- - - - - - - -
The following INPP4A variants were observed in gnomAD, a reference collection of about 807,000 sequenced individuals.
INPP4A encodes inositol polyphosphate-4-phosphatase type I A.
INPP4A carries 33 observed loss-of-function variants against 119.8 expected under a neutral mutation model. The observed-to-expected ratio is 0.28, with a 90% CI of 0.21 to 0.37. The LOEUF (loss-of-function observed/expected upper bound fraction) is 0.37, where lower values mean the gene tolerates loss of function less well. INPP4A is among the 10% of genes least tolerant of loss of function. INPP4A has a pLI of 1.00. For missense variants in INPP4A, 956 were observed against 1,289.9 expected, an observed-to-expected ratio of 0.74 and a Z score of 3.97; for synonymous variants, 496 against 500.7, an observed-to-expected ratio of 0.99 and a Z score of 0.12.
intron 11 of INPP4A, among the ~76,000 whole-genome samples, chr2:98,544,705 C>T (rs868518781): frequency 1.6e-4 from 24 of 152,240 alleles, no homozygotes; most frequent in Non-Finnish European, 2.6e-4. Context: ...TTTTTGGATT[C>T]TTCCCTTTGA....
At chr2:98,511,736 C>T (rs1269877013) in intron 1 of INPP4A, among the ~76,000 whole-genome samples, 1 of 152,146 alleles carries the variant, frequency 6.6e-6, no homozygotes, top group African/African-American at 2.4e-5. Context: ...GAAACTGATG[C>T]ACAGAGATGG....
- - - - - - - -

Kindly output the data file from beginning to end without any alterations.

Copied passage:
The following INPP4A variants were observed in gnomAD, a reference collection of about 807,000 sequenced individuals.
INPP4A encodes inositol polyphosphate-4-phosphatase type I A.
INPP4A carries 33 observed loss-of-function variants against 119.8 expected under a neutral mutation model. The observed-to-expected ratio is 0.28, with a 90% CI of 0.21 to 0.37. The LOEUF (loss-of-function observed/expected upper bound fraction) is 0.37, where lower values mean the gene tolerates loss of function less well. INPP4A is among the 10% of genes least tolerant of loss of function. INPP4A has a pLI of 1.00. For missense variants in INPP4A, 956 were observed against 1,289.9 expected, an observed-to-expected ratio of 0.74 and a Z score of 3.97; for synonymous variants, 496 against 500.7, an observed-to-expected ratio of 0.99 and a Z score of 0.12.
intron 11 of INPP4A, among the ~76,000 whole-genome samples, chr2:98,544,705 C>T (rs868518781): frequency 1.6e-4 from 24 of 152,240 alleles, no homozygotes; most frequent in Non-Finnish European, 2.6e-4. Context: ...TTTTTGGATT[C>T]TTCCCTTTGA....
At chr2:98,511,736 C>T (rs1269877013) in intron 1 of INPP4A, among the ~76,000 whole-genome samples, 1 of 152,146 alleles carries the variant, frequency 6.6e-6, no homozygotes, top group African/African-American at 2.4e-5. Context: ...GAAACTGATG[C>T]ACAGAGATGG....